Antarctica can be understood as materially continental and conceptually archipelagic. The Narrative of Arthur Gordon Pym, this article argues, is itself archipelagic both in its island-hopping content and in its narrative form: the continental form of the “novel” has no integrity for Poe. In conversation with Mat Johnson’s reimagining of Poe’s work in his contemporary novel Pym (2011), this article brings an archipelagic perspective to Arthur Gordon Pym and its fantasies of whiteness. Reading Arthur Gordon Pym and the great southern continent as archipelagic, it argues, centers what has been thought to be scattered, minute, and peripheral into a reoriented model of mutual sustainability, reciprocity, and loose affiliation. The disjointedness of Poe’s novel can be read as a map of the contradictory status of both Antarctica and literary whiteness in geopolitical and geophysical units of analysis. Viewing the Southern continent as an archipelago helps to clarify (if not resolve) much of Arthur Gordon Pym’s illogicality as a function inherent in whiteness itself.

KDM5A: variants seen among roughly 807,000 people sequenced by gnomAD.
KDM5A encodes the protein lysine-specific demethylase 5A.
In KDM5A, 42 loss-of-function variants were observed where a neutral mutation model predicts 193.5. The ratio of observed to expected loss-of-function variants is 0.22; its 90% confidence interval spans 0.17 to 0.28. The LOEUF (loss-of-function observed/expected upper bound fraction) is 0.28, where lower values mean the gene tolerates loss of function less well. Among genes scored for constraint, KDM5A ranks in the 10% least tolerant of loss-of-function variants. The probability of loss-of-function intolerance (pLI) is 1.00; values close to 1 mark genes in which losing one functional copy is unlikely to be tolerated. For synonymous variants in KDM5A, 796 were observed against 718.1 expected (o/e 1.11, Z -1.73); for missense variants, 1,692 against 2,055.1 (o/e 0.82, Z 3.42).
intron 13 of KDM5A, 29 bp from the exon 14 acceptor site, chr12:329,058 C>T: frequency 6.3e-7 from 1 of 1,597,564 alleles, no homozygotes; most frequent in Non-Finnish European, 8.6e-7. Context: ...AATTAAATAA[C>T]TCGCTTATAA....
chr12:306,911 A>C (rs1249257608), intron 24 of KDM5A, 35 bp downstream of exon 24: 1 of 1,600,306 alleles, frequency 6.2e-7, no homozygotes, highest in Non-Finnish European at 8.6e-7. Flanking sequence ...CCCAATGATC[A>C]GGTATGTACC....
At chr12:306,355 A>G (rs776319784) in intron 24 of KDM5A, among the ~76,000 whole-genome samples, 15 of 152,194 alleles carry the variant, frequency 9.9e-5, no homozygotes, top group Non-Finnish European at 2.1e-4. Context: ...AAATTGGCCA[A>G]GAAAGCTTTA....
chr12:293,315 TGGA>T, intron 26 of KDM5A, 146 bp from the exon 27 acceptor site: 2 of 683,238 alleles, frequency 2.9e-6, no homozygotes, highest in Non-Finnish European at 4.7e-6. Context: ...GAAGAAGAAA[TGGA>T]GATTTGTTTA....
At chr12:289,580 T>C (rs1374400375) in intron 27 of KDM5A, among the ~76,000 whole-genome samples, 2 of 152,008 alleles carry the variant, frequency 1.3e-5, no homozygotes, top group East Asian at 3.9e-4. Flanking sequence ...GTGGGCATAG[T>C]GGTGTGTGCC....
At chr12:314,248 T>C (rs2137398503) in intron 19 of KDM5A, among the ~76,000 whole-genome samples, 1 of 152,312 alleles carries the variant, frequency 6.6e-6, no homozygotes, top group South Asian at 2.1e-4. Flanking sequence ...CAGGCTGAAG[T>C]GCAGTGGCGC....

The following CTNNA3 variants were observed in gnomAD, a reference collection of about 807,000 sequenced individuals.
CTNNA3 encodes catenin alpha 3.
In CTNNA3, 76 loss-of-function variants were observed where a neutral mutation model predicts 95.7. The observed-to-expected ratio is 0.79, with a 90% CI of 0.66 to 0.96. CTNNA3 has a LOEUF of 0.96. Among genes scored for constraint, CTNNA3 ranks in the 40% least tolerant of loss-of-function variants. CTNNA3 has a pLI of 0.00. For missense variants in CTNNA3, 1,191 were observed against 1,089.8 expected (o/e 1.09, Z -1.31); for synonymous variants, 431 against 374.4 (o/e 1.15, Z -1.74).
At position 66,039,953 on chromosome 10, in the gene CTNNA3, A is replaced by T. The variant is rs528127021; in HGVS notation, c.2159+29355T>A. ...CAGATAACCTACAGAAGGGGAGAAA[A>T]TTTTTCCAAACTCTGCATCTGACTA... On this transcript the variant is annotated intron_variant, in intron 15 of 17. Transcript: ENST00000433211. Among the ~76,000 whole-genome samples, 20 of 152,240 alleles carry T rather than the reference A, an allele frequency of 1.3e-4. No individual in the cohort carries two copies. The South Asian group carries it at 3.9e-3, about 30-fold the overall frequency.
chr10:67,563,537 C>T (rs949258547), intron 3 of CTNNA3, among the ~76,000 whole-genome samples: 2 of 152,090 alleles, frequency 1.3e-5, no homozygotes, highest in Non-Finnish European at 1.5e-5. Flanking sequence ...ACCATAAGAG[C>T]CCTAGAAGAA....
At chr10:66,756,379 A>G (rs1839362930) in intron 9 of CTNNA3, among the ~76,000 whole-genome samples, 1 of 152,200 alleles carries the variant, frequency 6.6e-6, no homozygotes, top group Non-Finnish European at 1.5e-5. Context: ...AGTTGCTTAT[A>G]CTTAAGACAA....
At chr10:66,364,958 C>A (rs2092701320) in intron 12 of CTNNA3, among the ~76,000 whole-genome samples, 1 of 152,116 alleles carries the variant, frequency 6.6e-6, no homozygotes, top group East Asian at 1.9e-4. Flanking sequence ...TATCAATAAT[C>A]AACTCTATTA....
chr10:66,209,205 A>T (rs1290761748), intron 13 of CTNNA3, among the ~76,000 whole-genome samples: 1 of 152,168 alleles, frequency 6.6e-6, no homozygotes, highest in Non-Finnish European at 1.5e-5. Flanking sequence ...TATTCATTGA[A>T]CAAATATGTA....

|In Copyright (Rights Reserved)
|October 29, 2021
|January 30, 2023
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